In pre–Civil War Virginia, people who are white, whatever their degree of refinement, are considered “the Quality” while those who are black, whatever their degree of dignity, are regarded as “the Tasked.” Whether such euphemisms for slavery actually existed in the 19th century, they are evocatively deployed in this account of the Underground Railroad and one of its conductors: Hiram Walker, one of the Tasked who’s barely out of his teens when he’s recruited to help guide escapees from bondage in the South to freedom in the North. “Conduction” has more than one meaning for Hiram. It's also the name for a mysterious force that transports certain gifted individuals from one place to another by way of a blue light that lifts and carries them along or across bodies of water. Hiram knows he has this gift after it saves him from drowning in a carriage mishap that kills his master’s oafish son (who’s Hiram’s biological brother). Whatever the source of this power, it galvanizes Hiram to leave behind not only his chains, but also the two Tasked people he loves most: Thena, a truculent older woman who practically raised him as a surrogate mother, and Sophia, a vivacious young friend from childhood whose attempt to accompany Hiram on his escape is thwarted practically at the start when they’re caught and jailed by slave catchers. Hiram directly confronts the most pernicious abuses of slavery before he is once again conducted away from danger and into sanctuary with the Underground, whose members convey him to the freer, if funkier environs of Philadelphia, where he continues to test his power and prepare to return to Virginia to emancipate the women he left behind—and to confront the mysteries of his past. Coates’ imaginative spin on the Underground Railroad’s history is as audacious as Colson Whitehead’s, if less intensely realized. Coates’ narrative flourishes and magic-powered protagonist are reminiscent of his work on Marvel’s Black Panther superhero comic book, but even his most melodramatic effects are deepened by historical facts and contemporary urgency.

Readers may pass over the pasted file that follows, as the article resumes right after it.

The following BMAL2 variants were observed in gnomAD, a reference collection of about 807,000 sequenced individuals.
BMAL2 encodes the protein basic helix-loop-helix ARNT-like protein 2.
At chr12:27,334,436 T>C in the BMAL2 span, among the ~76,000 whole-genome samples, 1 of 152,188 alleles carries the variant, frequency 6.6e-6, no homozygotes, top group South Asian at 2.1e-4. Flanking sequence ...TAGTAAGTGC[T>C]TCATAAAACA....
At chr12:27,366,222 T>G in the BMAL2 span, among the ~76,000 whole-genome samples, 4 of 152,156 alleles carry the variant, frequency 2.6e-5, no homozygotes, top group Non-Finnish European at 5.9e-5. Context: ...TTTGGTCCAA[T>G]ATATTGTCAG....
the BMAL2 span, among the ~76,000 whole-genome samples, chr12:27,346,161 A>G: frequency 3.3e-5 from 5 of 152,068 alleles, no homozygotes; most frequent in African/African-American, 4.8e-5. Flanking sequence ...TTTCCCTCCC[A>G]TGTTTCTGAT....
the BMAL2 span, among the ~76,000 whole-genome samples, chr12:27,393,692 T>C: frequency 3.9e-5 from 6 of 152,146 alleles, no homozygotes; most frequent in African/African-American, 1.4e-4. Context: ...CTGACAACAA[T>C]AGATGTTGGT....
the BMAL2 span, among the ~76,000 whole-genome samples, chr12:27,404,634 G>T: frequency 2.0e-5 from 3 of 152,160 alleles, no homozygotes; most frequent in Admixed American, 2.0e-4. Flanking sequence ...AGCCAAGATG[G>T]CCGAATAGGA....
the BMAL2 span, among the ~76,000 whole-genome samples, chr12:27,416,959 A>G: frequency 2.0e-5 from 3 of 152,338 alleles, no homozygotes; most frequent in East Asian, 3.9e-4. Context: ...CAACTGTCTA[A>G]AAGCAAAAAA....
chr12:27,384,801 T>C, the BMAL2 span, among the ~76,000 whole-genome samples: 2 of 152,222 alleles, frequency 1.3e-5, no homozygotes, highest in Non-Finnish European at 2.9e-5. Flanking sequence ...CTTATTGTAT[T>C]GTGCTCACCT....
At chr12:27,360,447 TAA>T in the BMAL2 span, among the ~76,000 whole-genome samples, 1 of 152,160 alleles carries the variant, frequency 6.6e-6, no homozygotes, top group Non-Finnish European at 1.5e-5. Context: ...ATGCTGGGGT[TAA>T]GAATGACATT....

An almost-but-not-quite-great slavery novel.

Pub Date: Sept. 24, 2019

ISBN: 978-0-399-59059-7

Page Count: 432

Publisher: One World/Random House

Review Posted Online: July 1, 2019

Kirkus Reviews Issue: July 15, 2019

Did you like this book?

No Comments Yet

An ambitious and bewitching gem of a book with mystery and passion inscribed on every page.

Our Verdict

  • Our Verdict
  • GET IT

  • New York Times Bestseller

  • IndieBound Bestseller

THE STARLESS SEA

A withdrawn graduate student embarks on an epic quest to restore balance to the world in this long-anticipated follow-up to The Night Circus (2011).

Zachary Ezra Rawlins is a typical millennial introvert; he likes video games, escapist reading, and drinking sidecars. But when he recognizes himself in the pages of a mysterious book from the university library, he's unnerved—and determined to uncover the truth. What begins as a journey for answers turns into something much bigger, and Zachary must decide whether to trust the handsome stranger he meets at a highflying literary fundraiser in New York or to retreat back to his thesis and forget the whole affair. In a high-wire feat of metatextual derring-do, Morgenstern weaves Zachary's adventure into a stunning array of linked fables, myths, and origin stories. There are pirates and weary travelers, painters who can see the future, lovers torn asunder, a menacing Owl King, and safe harbors for all the stories of the world, far below the Earth on the golden shores of a Starless Sea. Clocking in at more than 500 pages, the novel requires patience as Morgenstern puts all the pieces in place, but it is exquisitely pleasurable to watch the gears of this epic fantasy turn once they're set in motion. As in The Night Circus, Morgenstern is at her best when she imagines worlds and rooms and parties in vivid detail, right down to the ballroom stairs "festooned with lanterns and garlands of paper dipped in gold" or a cloak carved from ice with "ships and sailors and sea monsters...lost in the drifting snow." This novel is a love letter to readers as much as an invitation: Come and see how much magic is left in the world. Fans of Neil Gaiman and V.E. Schwab, Kelly Link and Susanna Clarke will want to heed the call.

An ambitious and bewitching gem of a book with mystery and passion inscribed on every page.

Pub Date: Nov. 5, 2019

ISBN: 978-0-385-54121-3

Page Count: 512

Publisher: Doubleday

Review Posted Online: Aug. 4, 2019

Kirkus Reviews Issue: Aug. 15, 2019

Did you like this book?

No Comments Yet
more